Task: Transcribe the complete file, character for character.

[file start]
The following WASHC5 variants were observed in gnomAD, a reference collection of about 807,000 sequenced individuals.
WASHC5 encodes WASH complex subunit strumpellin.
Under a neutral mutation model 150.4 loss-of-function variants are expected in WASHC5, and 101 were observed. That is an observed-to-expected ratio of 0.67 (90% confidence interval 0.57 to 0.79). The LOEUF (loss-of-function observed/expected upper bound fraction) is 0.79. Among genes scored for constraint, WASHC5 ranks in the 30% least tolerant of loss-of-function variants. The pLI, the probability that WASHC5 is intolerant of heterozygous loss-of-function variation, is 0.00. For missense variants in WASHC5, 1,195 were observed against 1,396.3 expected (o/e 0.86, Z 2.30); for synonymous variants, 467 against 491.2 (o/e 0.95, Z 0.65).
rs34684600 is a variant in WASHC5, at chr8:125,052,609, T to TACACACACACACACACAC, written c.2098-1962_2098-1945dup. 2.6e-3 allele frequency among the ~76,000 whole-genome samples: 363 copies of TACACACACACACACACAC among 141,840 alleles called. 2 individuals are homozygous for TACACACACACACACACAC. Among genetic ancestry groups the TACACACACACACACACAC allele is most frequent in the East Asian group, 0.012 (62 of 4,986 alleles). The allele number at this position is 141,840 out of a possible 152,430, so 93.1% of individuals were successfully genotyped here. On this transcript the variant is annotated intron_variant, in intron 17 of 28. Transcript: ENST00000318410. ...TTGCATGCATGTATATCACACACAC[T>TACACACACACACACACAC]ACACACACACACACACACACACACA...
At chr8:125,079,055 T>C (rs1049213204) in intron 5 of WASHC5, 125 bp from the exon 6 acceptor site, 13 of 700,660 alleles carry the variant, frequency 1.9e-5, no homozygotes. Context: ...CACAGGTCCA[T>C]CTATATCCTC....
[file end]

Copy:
The following WASHC5 variants were observed in gnomAD, a reference collection of about 807,000 sequenced individuals.
WASHC5 encodes WASH complex subunit strumpellin.
Under a neutral mutation model 150.4 loss-of-function variants are expected in WASHC5, and 101 were observed. That is an observed-to-expected ratio of 0.67 (90% confidence interval 0.57 to 0.79). The LOEUF (loss-of-function observed/expected upper bound fraction) is 0.79. Among genes scored for constraint, WASHC5 ranks in the 30% least tolerant of loss-of-function variants. The pLI, the probability that WASHC5 is intolerant of heterozygous loss-of-function variation, is 0.00. For missense variants in WASHC5, 1,195 were observed against 1,396.3 expected (o/e 0.86, Z 2.30); for synonymous variants, 467 against 491.2 (o/e 0.95, Z 0.65).
rs34684600 is a variant in WASHC5, at chr8:125,052,609, T to TACACACACACACACACAC, written c.2098-1962_2098-1945dup. 2.6e-3 allele frequency among the ~76,000 whole-genome samples: 363 copies of TACACACACACACACACAC among 141,840 alleles called. 2 individuals are homozygous for TACACACACACACACACAC. Among genetic ancestry groups the TACACACACACACACACAC allele is most frequent in the East Asian group, 0.012 (62 of 4,986 alleles). The allele number at this position is 141,840 out of a possible 152,430, so 93.1% of individuals were successfully genotyped here. On this transcript the variant is annotated intron_variant, in intron 17 of 28. Transcript: ENST00000318410. ...TTGCATGCATGTATATCACACACAC[T>TACACACACACACACACAC]ACACACACACACACACACACACACA...
At chr8:125,079,055 T>C (rs1049213204) in intron 5 of WASHC5, 125 bp from the exon 6 acceptor site, 13 of 700,660 alleles carry the variant, frequency 1.9e-5, no homozygotes. Context: ...CACAGGTCCA[T>C]CTATATCCTC....